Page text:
BUCKHANNON – With two council members absent and at least one question up in the air, Buckhannon City Council tabled its “drug house” ordinance for second consecutive meeting Thursday.
In the absence of councilwoman Mary Albaugh and councilman David Thomas, council voted to reschedule the first reading of the ordinance for its Oct. 18 meeting.
Council members also directed city attorney Tom O’Neill to once again revise the ordinance, narrowing it in scope to apply to only “the worst actors,” according to councilman CJ Rylands.
Language referring to the use of a firearm or weapon in the commission of a drug crime is also likely to be included.
The “drug house” ordinance – which will be Ordinance No. 428 if it passes – provides a legal mechanism for city officials to declare certain properties, including rental properties, public nuisances and issue orders of abatement if they meet certain criteria.
City officials have repeatedly explained the ordinance is intended to target property owners who knowingly allow drug activity to recur in their rental properties, even sometimes participating in that illicit activity.
One major piece of feedback that emerged from an Oct. 2 public forum about the ordinance was that area landlords would like one small word to change: the conjunction “or” to “and.”
Originally, to trigger the process through which a property could be deemed a “drug house,” only one of the following three criteria had to be met: the occurrence of two or more instances of prostitution or the illegal possession, storage or delivery/trafficking of controlled substances on the same property twice within a consecutive two-year period; the crime allegedly committed on the property qualified as a felony, i.e. punishable by imprisonment for one year or more; or the offense was manufacture of a controlled substance, possession of a controlled substance with the intent to deliver or delivery of a controlled substance.
However, landlords at Tuesday’s forum had requested that O’Neill revise the language, changing “or” to “and.” That would mean all three criteria would have to be met for the municipal judge to justify labeling a property a “drug house.”
At the outset of the discussion at Thursday’s council meeting, O’Neill said he’d changed a few minor words based on landlords’ feedback. For example, in one section of the law, the city attorney changed language referring to landlords “being willfully blind” to “being willfully ignorant” to drug activity.
There were other more substantive changes O’Neill had decided to leave up to council, including the or/and question, he said.
Mayor David McCauley asked the city attorney to include an exemption for medical facilities, such as licensed recovery centers.
“Both Dave Thomas and Mary Albaugh wanted to participate, but they are unable to be here tonight,” McCauley also said.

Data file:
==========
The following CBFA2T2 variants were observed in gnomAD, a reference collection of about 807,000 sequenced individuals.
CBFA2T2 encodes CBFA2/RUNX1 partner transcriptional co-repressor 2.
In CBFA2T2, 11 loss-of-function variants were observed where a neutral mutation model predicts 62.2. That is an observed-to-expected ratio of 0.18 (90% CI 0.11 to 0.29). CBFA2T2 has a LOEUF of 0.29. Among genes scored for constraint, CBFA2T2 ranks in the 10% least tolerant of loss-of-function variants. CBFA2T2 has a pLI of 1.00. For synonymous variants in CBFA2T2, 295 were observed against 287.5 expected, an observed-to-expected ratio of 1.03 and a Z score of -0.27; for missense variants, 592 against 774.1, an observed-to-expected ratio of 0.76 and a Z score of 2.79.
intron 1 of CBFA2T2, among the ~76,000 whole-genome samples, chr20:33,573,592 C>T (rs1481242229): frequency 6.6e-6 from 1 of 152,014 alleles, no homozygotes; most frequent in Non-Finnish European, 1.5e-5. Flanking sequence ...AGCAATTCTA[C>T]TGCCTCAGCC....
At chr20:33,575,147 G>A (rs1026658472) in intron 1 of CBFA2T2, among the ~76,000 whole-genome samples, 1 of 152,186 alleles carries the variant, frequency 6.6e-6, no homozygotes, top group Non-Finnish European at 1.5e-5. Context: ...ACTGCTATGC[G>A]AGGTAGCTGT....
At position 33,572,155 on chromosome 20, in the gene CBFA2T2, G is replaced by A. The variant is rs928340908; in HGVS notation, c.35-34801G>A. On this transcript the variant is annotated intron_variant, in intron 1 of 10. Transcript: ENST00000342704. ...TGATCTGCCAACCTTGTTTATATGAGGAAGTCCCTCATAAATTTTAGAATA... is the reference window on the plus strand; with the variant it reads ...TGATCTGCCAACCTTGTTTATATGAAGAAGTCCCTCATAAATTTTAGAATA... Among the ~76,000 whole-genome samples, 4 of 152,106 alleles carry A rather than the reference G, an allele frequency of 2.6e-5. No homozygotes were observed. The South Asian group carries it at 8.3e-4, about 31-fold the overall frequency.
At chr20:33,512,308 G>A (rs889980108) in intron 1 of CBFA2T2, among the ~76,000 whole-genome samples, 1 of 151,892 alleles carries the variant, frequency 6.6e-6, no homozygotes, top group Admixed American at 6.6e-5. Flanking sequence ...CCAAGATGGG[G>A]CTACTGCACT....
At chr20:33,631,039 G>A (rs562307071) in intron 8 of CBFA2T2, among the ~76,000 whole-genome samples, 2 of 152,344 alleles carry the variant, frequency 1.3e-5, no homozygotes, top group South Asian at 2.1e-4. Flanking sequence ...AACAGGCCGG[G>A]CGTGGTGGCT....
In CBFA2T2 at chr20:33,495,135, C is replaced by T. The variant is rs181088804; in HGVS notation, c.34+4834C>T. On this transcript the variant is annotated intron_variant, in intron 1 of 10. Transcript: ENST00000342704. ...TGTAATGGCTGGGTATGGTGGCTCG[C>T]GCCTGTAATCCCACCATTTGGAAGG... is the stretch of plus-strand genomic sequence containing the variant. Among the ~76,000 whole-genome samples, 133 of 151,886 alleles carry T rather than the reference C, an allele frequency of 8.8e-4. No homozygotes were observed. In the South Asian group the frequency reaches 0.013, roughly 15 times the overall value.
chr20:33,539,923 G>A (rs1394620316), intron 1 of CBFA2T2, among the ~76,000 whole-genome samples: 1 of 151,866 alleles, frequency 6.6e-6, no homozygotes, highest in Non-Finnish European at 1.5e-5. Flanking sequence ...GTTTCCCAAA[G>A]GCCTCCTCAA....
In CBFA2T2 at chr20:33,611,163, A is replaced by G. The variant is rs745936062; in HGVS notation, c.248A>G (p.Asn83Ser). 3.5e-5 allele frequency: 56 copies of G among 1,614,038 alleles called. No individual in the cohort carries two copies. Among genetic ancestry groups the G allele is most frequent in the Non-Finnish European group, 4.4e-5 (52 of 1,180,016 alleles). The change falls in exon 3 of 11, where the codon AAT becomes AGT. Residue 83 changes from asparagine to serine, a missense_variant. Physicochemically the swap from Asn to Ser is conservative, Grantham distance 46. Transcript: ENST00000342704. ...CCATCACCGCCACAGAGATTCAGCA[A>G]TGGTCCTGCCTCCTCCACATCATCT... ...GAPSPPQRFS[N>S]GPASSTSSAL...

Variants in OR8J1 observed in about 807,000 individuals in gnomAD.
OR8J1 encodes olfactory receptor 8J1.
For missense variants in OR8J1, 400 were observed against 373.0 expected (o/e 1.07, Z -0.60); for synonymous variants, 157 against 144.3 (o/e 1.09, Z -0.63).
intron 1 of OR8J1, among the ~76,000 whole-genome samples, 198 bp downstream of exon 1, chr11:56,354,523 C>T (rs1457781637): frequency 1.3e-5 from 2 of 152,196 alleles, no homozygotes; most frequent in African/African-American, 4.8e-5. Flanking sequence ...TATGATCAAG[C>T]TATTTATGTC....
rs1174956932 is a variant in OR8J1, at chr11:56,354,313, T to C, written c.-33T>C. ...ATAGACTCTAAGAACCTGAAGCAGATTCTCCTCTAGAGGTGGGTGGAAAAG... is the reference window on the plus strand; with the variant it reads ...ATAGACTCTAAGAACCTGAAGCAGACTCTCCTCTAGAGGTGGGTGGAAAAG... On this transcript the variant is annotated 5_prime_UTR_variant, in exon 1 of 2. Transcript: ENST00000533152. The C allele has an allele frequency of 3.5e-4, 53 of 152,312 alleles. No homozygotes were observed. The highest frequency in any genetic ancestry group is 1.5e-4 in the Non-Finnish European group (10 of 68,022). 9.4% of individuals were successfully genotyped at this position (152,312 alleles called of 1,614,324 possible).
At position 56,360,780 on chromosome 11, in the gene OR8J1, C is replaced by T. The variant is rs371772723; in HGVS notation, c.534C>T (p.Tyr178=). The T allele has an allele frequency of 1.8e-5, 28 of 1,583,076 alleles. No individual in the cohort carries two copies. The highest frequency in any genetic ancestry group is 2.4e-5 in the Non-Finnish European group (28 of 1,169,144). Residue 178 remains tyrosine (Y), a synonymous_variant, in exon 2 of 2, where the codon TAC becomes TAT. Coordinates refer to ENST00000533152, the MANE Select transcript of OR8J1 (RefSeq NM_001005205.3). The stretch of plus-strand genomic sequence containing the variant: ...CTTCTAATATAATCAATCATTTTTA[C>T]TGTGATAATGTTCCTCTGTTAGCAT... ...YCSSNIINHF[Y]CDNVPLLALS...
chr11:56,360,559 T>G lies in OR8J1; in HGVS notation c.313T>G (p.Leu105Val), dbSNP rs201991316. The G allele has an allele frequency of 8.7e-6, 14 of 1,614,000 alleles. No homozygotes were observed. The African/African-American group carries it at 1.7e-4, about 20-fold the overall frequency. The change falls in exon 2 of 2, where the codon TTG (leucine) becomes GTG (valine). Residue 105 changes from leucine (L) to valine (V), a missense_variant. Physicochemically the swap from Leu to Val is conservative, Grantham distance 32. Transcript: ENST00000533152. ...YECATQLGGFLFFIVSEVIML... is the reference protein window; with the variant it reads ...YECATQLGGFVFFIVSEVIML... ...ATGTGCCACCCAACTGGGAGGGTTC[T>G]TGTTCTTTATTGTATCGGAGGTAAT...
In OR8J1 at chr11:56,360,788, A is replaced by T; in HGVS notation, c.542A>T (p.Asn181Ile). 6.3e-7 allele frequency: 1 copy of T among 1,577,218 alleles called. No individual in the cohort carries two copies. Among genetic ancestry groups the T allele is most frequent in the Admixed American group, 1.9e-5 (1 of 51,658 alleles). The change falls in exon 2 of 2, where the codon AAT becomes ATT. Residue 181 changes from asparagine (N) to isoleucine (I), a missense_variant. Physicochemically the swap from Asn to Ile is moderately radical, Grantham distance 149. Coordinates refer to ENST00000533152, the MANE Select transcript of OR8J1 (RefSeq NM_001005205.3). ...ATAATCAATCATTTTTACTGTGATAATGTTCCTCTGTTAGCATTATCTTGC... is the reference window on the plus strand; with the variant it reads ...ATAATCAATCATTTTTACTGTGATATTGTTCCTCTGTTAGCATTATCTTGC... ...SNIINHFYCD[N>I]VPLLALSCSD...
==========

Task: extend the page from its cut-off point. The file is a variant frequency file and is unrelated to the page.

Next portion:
City recorder Colin Reger made a motion to table the ordinance, which was seconded by councilwoman Pam Cuppari and passed unanimously.
Following the decision, the mayor recommended the law require all three criteria to be met for a property to be deemed a drug house.
“I would feel more comfortable going with the conjunction ‘and’ as opposed to ‘or,’” McCauley said.
“That would mean all three elements would have to be present for it to constitute a violation,” he said. “I think it makes sense. It puts a higher bar in place to create this.”
O’Neill observed the change would tighten the ordinance.
“It would target a more narrow scope of behavior,” he said. “I might recommend to council that you include any crimes committed with a firearm or any felony involving a drug offense that includes the use of a firearm.”
Rylands concluded those changes would amend the law to be “pretty specific to targeting the worst actors.”
Reger – who has been opposed to the ordinance since council first began discussing it in early June – said although he believes drugs are evil, his position on the ordinance hasn’t wavered.
“I disagree with the entire premise of it,” he said. “I am philosophically opposed to this.”
One landlord in attendance Thursday night requested the city incorporate a section stating that a written notice be sent to the landlord the first time a qualifying offense occurs on his or her property.
“Will a notice of some kind be sent out to the landlord on the first incident?” Jody Light asked. “As a landlord, I don’t want to wait until the second incident.”
McCauley said he believed that would be fair to the landlord.
“This is a tool for the landlords,” he added. “[If I were a landlord], I would redo my lease to specifically cite this ordinance if it passes.”
Light also she said hoped residents understand the majority of landlords don’t condone the type of criminal activity that would trigger use of the drug house ordinance.
She said most in the city are doing the best they can to screen their tenants and provide a safe, clean place to live to renters.
“I know we come across as a pain in the butt, but honestly, there was 20-some here at the last meeting and 20-30 the other night,” Light said. “We didn’t know – we hadn’t had a copy of the ordinance – so we maybe came off as a little aggressive because we weren’t notified.”
Light said not being directly contacted by city officials was troubling to local landlords.
“I think there was a breakdown in communication somewhere, and someone dropped the ball. I’m not sure where,” she said.
Rylands said although dialogue with landlords has been uncomfortable at times, communication is essential.
“This is a healthy process,” he said, “even though sometimes it doesn’t really feel that way.”
Following Thursday’s meeting, O’Neill said he was definitely changing “or” to “and” and incorporating a firearms or weapons element.
“It will probably be wrapped in with the second [criteria],” he said. “It will probably say ‘use of a firearm in the commission of a felony’ or something like that.”